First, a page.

BY JACK WOODFIELD: A bandage that could speed up the healing process of foot sores among people with diabetes has been developed.
The bandage device, created by researchers at Northwestern University in Illinois, uses the body’s own healing ability without the use of drugs or other pharmaceutical products.
When tested, the treatment was found to heal diabetic wounds 33% faster when compared with regular bandages. (read more)
BY AISHWARYA IYER:
For stimulating liver and pancreas: Ardha Matsyendrasana and Agnisaar:
Lie on back with folded knees
Keep comfortable distance between the knees
Inhale maximum and exhale fully
Holding the breath, contract naval region to the maximum extent.
Then, expand the naval region out to the maximum.
Repeat 3-5 times.
Hold the breath according to your capacity.
BY LISA RAPAPORT: People who get diagnosed with cancer may be more likely to develop diabetes, a Korean study suggests.
The study included 524,089 men and women, ages 20 to 70, who didn’t have cancer or diabetes at the start. By the time half the participants had been in the study for at least seven years, 15,130 people had developed cancer and 26,610 had developed diabetes.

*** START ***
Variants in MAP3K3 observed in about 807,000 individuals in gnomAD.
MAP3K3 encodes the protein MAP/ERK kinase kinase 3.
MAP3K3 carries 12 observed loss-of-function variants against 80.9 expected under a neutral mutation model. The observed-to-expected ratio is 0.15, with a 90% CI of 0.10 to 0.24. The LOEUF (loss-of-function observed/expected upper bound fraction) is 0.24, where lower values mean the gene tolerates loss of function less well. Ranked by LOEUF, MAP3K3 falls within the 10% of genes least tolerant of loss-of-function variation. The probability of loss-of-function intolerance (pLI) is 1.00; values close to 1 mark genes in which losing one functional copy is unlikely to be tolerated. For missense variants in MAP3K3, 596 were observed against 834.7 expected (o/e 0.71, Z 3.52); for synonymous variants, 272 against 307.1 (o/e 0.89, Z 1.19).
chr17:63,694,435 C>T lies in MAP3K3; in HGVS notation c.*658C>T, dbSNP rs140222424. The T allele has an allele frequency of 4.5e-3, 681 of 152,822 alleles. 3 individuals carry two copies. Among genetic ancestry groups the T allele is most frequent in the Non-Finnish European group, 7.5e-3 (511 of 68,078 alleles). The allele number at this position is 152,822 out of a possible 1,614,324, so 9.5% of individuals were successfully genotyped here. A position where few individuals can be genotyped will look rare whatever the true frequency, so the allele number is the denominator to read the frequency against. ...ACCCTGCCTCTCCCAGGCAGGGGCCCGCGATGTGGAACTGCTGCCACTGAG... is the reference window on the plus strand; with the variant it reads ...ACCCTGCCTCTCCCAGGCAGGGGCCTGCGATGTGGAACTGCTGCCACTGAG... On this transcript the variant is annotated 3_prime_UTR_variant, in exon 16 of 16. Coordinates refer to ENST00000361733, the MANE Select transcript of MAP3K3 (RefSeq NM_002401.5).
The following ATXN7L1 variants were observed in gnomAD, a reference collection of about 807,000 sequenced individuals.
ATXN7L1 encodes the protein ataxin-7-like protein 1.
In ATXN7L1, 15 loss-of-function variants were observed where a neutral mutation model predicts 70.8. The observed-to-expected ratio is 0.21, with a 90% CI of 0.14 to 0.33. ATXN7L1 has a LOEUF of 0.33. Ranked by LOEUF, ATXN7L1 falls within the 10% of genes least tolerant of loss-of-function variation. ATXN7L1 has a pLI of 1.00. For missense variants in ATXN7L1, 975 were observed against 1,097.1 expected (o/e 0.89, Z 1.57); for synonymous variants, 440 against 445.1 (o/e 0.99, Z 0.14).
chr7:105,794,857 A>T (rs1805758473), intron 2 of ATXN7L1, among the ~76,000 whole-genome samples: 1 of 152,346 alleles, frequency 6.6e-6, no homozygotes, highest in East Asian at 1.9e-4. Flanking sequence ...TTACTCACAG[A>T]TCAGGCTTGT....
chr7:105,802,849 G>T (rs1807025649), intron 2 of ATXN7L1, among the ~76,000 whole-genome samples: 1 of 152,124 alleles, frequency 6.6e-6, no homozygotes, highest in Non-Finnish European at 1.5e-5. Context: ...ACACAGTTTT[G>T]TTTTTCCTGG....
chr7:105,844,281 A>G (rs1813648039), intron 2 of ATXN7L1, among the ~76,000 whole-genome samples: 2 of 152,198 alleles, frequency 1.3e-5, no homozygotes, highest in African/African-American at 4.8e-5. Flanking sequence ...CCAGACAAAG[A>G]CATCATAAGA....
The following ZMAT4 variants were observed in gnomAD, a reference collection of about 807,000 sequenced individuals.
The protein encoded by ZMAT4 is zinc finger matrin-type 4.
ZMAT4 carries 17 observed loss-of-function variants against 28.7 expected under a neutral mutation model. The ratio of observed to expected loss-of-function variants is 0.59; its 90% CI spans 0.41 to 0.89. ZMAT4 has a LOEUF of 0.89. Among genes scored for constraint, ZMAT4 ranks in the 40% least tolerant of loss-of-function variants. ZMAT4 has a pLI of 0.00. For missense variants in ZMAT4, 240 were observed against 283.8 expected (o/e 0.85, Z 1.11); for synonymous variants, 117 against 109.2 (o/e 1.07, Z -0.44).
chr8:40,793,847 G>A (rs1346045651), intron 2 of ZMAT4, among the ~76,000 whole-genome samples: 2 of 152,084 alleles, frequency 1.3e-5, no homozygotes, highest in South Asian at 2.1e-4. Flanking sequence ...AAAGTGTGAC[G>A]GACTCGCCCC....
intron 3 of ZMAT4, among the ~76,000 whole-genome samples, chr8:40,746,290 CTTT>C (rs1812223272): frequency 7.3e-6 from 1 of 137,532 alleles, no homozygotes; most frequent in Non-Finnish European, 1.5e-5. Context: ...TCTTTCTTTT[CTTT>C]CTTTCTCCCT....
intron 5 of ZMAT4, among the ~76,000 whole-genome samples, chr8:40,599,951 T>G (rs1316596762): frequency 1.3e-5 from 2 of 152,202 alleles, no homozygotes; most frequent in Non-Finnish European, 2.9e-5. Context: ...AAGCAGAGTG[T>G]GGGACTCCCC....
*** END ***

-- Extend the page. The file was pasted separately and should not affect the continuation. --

Cancer patients were 35 percent more likely to develop diabetes than people without malignancies, the study found. The excess diabetes associated with tumors persisted even after accounting for other diabetes risk factors like obesity, smoking and drinking. (read more)
By reducing energy obtained from starchy carbs and increasing protein intake, participants also reported feeling more full between meals.
The study adds to the growing array of evidence showing how low carb eating can improve health outcomes, particularly for people with type 2 diabetes. (read more)
BY NEWS-MEDICAL: In diabetes, both the tightly woven endothelial cells that line our blood vessels and the powerhouses that drive those cells start to come apart as early steps in the destruction of our vasculature.
Now scientists have evidence that these breakups occur as another relationship falls apart.
Levels of the enzyme PDIA1, which enables a healthy homeostasis of endothelial cells as well as production of new blood vessels, decrease in diabetes, while activity of Drp1, a key regulator of fission regulated by PDIA1, goes way up, Medical College of Georgia scientists report in the journal Cell Reports. (read more)